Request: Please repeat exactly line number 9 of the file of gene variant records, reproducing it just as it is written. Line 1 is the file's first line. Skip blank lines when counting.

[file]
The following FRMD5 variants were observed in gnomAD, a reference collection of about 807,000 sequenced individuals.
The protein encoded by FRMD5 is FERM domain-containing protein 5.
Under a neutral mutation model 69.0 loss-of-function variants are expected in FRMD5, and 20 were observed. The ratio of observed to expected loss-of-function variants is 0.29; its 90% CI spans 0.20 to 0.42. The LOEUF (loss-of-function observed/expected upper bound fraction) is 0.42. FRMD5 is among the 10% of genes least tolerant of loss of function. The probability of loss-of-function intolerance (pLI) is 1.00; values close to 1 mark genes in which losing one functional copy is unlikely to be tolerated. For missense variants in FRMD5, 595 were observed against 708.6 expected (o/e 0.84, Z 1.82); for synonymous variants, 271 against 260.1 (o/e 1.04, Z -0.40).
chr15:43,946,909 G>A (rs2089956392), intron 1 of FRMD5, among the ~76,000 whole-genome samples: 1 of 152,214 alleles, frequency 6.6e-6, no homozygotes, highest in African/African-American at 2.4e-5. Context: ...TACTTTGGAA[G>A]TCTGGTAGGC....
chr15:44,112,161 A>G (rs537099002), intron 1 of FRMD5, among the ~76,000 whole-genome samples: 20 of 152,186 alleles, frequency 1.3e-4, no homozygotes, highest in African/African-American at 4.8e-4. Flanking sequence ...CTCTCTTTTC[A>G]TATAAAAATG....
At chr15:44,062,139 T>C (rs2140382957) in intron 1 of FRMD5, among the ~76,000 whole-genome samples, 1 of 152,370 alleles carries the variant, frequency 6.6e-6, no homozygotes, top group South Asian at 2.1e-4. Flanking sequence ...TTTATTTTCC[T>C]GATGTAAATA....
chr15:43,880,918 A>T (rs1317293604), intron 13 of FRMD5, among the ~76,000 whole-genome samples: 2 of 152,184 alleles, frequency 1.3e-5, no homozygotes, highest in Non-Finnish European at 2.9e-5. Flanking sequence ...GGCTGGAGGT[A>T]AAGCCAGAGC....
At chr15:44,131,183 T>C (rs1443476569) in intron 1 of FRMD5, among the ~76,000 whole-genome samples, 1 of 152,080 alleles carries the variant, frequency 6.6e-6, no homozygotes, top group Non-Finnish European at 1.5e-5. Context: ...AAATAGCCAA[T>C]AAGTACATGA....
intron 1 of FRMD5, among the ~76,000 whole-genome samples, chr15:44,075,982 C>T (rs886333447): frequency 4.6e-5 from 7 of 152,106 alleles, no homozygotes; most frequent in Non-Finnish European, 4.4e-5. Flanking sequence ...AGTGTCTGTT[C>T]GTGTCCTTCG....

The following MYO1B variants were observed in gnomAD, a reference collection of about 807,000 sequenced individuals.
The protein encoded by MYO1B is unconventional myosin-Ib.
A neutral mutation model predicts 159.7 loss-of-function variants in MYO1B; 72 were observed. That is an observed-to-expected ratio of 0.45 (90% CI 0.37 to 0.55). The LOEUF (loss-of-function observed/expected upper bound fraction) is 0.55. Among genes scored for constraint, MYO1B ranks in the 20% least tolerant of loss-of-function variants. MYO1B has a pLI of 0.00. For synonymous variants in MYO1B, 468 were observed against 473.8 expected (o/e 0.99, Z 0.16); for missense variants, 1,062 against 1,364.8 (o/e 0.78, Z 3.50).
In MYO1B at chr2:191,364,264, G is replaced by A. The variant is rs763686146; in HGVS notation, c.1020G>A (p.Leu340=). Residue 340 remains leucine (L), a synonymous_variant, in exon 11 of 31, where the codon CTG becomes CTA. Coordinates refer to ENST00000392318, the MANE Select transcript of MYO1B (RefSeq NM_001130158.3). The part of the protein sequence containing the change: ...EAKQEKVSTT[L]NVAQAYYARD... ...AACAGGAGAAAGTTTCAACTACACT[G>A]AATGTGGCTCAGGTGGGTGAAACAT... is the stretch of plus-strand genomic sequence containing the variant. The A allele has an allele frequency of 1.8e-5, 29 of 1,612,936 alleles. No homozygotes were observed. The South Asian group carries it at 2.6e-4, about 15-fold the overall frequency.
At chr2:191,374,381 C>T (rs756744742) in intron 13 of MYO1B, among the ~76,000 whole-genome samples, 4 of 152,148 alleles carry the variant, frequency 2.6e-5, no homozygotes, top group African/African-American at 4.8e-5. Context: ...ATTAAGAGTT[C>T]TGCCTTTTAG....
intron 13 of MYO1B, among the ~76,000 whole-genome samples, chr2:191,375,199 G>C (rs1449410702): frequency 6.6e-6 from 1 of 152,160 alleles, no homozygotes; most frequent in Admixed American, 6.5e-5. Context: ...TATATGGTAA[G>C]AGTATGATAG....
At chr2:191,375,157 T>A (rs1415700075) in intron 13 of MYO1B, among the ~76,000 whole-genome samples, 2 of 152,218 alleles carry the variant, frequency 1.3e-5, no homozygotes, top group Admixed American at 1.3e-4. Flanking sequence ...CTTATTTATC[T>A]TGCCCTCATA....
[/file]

intron 1 of FRMD5, among the ~76,000 whole-genome samples, chr15:44,075,982 C>T (rs886333447): frequency 4.6e-5 from 7 of 152,106 alleles, no homozygotes; most frequent in Non-Finnish European, 4.4e-5. Flanking sequence ...AGTGTCTGTT[C>T]GTGTCCTTCG....